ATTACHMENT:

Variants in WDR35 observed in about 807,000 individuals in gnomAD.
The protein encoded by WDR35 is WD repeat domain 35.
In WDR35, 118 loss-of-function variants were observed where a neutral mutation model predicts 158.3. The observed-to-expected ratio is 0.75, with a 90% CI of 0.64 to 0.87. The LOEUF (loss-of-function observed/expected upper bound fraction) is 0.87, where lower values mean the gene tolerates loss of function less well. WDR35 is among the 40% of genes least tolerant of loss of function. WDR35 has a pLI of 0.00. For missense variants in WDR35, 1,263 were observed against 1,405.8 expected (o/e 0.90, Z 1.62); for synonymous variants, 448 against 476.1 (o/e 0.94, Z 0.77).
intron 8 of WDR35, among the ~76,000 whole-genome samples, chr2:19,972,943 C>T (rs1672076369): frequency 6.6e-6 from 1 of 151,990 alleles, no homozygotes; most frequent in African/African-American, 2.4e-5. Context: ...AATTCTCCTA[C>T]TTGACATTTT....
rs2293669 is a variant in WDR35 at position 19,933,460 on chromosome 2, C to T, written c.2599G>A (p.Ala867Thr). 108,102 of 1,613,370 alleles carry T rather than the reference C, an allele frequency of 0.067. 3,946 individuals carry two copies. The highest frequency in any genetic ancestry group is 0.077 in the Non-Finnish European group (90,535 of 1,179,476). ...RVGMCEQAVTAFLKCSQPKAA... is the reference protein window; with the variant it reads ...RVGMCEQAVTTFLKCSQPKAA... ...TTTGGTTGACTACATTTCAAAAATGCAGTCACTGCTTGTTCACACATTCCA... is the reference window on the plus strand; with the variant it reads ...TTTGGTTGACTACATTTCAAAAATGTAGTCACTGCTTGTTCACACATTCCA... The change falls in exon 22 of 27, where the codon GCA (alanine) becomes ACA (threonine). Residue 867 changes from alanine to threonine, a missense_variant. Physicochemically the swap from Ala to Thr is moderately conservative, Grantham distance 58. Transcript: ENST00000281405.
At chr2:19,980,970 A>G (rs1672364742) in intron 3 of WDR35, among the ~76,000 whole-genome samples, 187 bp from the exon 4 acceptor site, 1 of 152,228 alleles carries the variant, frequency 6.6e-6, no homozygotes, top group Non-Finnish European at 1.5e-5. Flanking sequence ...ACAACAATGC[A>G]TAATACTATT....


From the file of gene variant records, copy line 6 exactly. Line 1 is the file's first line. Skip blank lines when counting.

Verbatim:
At chr2:19,980,970 A>G (rs1672364742) in intron 3 of WDR35, among the ~76,000 whole-genome samples, 187 bp from the exon 4 acceptor site, 1 of 152,228 alleles carries the variant, frequency 6.6e-6, no homozygotes, top group Non-Finnish European at 1.5e-5. Flanking sequence ...ACAACAATGC[A>G]TAATACTATT....